Leaflets tend to be more often used to communicate longer-form content, such as a new club treasurer, an upcoming committee meeting, a campaign for new recruits, or a major club development, but be clear about the overall aim.

You, or another member of your club, may need to spend time distributing leaflets within your local community, in places such as:

  • Through letterboxes
  • In shop windows
  • Town noticeboards
  • At the local post office/library/church
  • Under car windscreen wipers
  • Handed-out at match day events

Printing

If you're going the professional route, it's often cheaper to use a local printer as you can collect the posters or leaflets rather than have the cost of them being couriered.

Tip: Maybe one of your club members can print them at home for the club (laser printers are far, far cheaper than inkjet printing)?

If they're going to use an office printer at work, do make sure they have permission to do so, as your club name will be on any copies left lying around (or reprinted on-demand on the enterprise-grade printer/photocopier).

6. Bringing creativity to your marketing

With so much happening on social media, in particular, it can be difficult to stand out from the crowd. Luckily, there are a few ways you can be creative and get some attention.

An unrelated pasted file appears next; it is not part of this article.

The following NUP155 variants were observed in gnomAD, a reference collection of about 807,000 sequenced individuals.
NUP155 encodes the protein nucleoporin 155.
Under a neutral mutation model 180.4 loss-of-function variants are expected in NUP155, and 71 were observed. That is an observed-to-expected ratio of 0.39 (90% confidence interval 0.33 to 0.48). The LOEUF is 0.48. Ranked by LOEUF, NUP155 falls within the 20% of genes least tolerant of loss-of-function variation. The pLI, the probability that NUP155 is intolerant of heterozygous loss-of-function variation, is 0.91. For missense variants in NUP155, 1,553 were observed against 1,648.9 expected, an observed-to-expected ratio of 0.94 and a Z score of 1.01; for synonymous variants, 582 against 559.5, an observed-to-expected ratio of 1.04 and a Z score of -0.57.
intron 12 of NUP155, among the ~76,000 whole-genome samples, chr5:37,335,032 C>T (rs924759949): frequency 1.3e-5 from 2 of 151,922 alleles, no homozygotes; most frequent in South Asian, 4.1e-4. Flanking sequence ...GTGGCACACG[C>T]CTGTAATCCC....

For example, to create stand-out, professional-looking assets such as posters, social media images, infographics, banners etc, an online tool such as Canva is great, especially useful for social media posting.

How many social media posts do you look at which are just text?  

Canva's free plan gives you access to 250,000 templates and has ready-made examples for social media, letters, presentations and more. You can export your creations to JPG, PNG and GIF, as well as video formats.

What about offline guerrilla techniques?

Why not consider doing something a bit more bold within your community, by organising a surprise flash-mob in the local high-street or investing in a giant poster to display outside the village hall?

Tip: Check out this blog article which might give you some guerrilla marketing inspiration, albeit perhaps on a small scale.  

7. Get everyone involved

Marketing is a workload that the club can share, but some people will be naturally more talented than others, so think about the best way to divide-up the work.

Some people have a gift for online commentary and social media posting, so use them there. Others may have more free time for preparatory work, or maybe even distributing posters or leaflets.

Be clear about who you want to do what. If you have a marketing or PR person, let them lead the projects and give them your full support. Or if you have a tech-savvy person, let them enhance your website or video content.

Tip: If your club has the budget for it, you can also get professional help with things like custom goal graphics or club badge design.